Alan Eustace led off with the story of how last October he rode a balloon up to 135,890 feet and then fell to the Earth, his parachute opening at 10,000 feet.  I loved the whole story, though I had read a lot about it before. 

Fred Jansen then discussed the European Space Agency's Rosetta mission, in which a team put a lander on a comet.  A fascinating tale of good science--and a bit of good luck--this one showed how much we can still do in space. 

Planetary scientist and MacArthur Fellow Sara Seager discussed her work on finding other planets that support life.  I wish her luck and look forward to reading more about her work. 

Nathalie Cabrol, a senior research scientist at the SETI institute, then talked about how we can use knowledge we gain from studying extreme environments here on Earth--in this case, high-elevation Andean lakes and deserts--to learn about where we might find life on Mars. 

The session wrapped up with Stephen Petranek explaining why he believes we will have a colony on Mars by 2025.  (Short answer:  He believes Elon Musk will make it happen.)  Though I do not share his optimism, he presented a lot of interesting data. 

The day's last session, "Life Stories," began with the most powerful talk of the day:  Anand Giridharadas' story of two men in Texas whose lives became powerfully intertwined in the days right after 9/11.  Moving from the specific to the general problems of America today, he brought the entire watching crowd to its feet.  Do not miss this talk when it is available online. 

Dame Stephanie Shirley, a pioneer in software, a woman who created a business of primarily women back in the early sixties, a champion of research into autism-spectrum disorders whose son was profoundly autistic, and a philanthropist, flit engagingly over a wide variety of intriguing topics.  In one of my favorite lines of the day, she said, "You can always tell ambitious women by the shape of our heads:  flat, from being patted."  She smiled as she said it, but the iron and anger in her from suffering this treatment for decades were clear and strong.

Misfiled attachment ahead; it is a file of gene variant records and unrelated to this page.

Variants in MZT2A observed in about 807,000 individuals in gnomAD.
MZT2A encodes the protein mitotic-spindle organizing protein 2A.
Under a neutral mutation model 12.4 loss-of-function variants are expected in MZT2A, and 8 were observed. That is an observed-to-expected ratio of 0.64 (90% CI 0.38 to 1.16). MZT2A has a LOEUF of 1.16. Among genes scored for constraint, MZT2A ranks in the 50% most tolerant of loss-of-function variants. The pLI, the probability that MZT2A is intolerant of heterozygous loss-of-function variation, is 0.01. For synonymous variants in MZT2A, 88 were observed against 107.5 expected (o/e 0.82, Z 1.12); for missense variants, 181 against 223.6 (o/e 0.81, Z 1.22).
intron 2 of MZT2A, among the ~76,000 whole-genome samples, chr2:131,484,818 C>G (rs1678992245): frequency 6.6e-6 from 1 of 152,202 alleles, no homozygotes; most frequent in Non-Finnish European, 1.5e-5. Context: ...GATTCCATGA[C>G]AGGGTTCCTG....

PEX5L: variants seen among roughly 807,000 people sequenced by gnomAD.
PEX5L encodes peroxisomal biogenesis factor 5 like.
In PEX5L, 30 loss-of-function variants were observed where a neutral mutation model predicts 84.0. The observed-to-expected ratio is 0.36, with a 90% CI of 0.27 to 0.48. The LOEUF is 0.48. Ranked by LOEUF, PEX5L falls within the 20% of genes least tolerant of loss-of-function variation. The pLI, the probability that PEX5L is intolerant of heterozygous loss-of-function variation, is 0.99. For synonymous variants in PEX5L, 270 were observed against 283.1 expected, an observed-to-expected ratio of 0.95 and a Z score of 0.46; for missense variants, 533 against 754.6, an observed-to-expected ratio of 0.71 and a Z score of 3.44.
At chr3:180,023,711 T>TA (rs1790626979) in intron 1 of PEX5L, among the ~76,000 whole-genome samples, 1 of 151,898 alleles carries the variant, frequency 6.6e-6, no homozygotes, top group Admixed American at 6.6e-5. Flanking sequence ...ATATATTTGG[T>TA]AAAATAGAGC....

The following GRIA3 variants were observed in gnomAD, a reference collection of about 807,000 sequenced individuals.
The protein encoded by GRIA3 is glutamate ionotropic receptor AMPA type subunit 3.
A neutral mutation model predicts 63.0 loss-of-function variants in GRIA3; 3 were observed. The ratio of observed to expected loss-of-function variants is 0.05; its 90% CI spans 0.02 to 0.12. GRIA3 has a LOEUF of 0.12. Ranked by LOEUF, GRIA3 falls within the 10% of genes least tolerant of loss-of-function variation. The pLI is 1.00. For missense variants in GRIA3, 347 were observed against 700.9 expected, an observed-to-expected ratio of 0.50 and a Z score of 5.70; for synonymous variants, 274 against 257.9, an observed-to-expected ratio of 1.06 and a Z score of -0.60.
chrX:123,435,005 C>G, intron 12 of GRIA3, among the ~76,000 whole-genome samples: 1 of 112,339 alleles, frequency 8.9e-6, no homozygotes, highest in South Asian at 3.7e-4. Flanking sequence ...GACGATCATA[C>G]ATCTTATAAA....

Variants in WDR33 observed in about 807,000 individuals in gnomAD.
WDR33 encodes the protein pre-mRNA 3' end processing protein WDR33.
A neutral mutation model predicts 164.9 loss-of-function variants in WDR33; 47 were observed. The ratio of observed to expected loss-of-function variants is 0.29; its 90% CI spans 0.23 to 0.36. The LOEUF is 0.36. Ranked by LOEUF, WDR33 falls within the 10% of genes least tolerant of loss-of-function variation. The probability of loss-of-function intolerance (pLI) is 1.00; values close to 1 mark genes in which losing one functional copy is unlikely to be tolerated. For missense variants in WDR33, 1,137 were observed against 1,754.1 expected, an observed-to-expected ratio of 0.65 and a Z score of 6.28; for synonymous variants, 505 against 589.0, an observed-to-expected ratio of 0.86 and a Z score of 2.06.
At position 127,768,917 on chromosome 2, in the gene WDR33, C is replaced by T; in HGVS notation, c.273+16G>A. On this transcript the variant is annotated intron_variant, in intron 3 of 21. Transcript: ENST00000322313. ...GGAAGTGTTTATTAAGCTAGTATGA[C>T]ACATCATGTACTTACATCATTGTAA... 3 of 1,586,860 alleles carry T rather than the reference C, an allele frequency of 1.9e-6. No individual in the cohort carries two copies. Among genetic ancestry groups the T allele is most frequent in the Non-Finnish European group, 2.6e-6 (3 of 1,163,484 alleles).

Martine Rothblatt next ranged over a broad variety of topics, from her work with satellite radio, to her mid-life change from Martin to Martine, to her fight to find a way to cure the disease of one of her daughters. 

The penultimate act of the day was the presentation of the $1M TED Prize to Dave Isay, story collector and head of StoryCorps.  I am apparently the last person in the U.S. not to know StoryCorps, but I found Isay's presentation and goals to be exciting and compelling. 

TED ended for the day with two songs from eleven-year-old Indonesian jazz piano prodigy Joey Alexander.  Though jazz is not my favorite music, I very much enjoyed his playing. 

In every way, today delivered on the essential promise of TED:  great talks about ideas worth spreading. 

The day's only real weakness comes from me, not the show:  I suck at fitting in.  I hung with Bill all day and was quite comfortable doing so.  We ate dinner in a small local pub and then went back to our rooms, while elsewhere fellow attendees ate in groups, went to an ice-skating party, and then ran a St. Patrick's Day pub crawl.  I wish I were more social and better at joining such groups, but I'm not, and I have to confess that I found the time with Bill more peaceful and ultimately more productive than hanging with the crowd. 

Tomorrow, more talks!